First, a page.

HID Global Acquires Crossmatch
HID Global in late September acquired the identity management company Crossmatch in a deal that significantly expands its biometric product portfolio and authentication and identity assurance solutions. HID Global, which is part of Sweden’s Assa Abloy Group, didn’t disclose the purchase price. Assa Abloy said that Crossmatch, which has about 270 employees, is expected to have about $125 million in sales this year. Adding Crossmatch helps provide HID Global with a more comprehensive suite of identity management solutions. Texas-based HID Global is known for its credentialing products and software, providing the personal identity verification credential to U.S. government employees, the U.S. Green Card, electronic passport technologies, single fingerprint readers, identification authentication platforms, access control systems, card readers, asset tracking and radio frequency identification tags. Florida-based Crossmatch makes a variety of fingerprint readers and modules, handheld and jump kit multimodal biometric solutions used by military, homeland security and law enforcement personnel, identity management software, and the DigitalPersona multifactor authentication software solution for enterprise digital security.
CBP Ready for Facial Comparison Demo for Pedestrian Travelers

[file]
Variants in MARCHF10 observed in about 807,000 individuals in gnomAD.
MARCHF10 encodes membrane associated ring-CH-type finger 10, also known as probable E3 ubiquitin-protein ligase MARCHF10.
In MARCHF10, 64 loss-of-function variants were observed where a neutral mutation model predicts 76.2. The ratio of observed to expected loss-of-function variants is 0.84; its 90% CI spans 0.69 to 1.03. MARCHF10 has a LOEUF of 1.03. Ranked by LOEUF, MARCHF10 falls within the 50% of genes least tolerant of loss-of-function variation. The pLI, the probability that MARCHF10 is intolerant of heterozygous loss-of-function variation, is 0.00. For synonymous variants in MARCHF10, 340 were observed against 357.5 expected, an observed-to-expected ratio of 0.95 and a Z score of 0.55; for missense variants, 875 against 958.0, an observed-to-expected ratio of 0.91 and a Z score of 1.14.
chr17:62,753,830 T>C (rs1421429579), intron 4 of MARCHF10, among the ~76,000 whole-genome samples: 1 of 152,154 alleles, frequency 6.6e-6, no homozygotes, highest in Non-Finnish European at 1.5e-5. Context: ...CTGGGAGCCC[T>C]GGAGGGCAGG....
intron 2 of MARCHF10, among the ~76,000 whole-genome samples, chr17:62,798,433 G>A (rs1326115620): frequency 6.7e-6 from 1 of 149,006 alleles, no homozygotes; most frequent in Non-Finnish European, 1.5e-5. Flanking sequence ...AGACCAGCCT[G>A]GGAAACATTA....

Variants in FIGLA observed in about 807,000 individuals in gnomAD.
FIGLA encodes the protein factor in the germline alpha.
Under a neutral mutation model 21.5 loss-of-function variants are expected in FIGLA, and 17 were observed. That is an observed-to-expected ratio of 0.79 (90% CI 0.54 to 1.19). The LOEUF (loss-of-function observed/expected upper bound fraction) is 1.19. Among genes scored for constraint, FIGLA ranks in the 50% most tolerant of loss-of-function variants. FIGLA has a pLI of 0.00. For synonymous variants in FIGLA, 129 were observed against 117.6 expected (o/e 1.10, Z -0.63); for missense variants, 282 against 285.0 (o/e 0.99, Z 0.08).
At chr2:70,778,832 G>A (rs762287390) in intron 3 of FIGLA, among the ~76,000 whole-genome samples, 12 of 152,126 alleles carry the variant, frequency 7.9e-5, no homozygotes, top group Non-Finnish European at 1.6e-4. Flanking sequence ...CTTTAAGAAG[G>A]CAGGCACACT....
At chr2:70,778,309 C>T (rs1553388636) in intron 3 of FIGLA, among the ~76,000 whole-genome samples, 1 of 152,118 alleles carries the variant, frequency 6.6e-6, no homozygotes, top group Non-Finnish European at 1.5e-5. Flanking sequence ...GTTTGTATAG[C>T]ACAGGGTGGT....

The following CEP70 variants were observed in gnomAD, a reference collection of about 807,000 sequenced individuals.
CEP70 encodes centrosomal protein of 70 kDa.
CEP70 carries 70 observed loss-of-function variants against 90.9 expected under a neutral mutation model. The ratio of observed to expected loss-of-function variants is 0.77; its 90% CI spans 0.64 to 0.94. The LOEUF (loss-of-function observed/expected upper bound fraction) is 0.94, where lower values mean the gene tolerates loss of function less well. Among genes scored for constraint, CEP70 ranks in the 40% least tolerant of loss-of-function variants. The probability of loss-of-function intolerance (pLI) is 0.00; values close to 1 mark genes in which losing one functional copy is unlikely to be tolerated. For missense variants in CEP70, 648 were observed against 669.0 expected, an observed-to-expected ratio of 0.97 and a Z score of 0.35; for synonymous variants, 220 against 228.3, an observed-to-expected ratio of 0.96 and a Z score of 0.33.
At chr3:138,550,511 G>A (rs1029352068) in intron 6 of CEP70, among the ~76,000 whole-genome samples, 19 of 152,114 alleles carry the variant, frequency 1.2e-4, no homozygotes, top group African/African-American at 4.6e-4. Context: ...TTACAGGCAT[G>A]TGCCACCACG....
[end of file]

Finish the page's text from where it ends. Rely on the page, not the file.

Customs and Border Protection is set to begin a facial comparison technical demonstration for pedestrian travelers at the San Luis port of entry in Arizona. CBP says the facial comparison system will use a camera to test and evaluate taking photographs of pedestrians entering the U.S. and comparing those images to the photos included with the travel documents the travelers present. “This technology demonstration will help inform the agency on next steps to developing and implementing biometric entry/exit in the land border pedestrian environment,” says Petra Horne, acting director of Field Operations in CBP’s Tucson Field Office. For the demonstration, a camera will be placed at the processing booth and will automatically take a photo as the traveler approaches. The CBP officer will review and query the traveler’s travel document, which will retrieve the photo from government holdings. The photo of the traveler will be compared to the travel document photo. American citizens can opt for alternative screening procedures. CBP later this year plans to expand the facial comparison demonstration to the Port of Nogales and will add an exit technical demonstration next spring.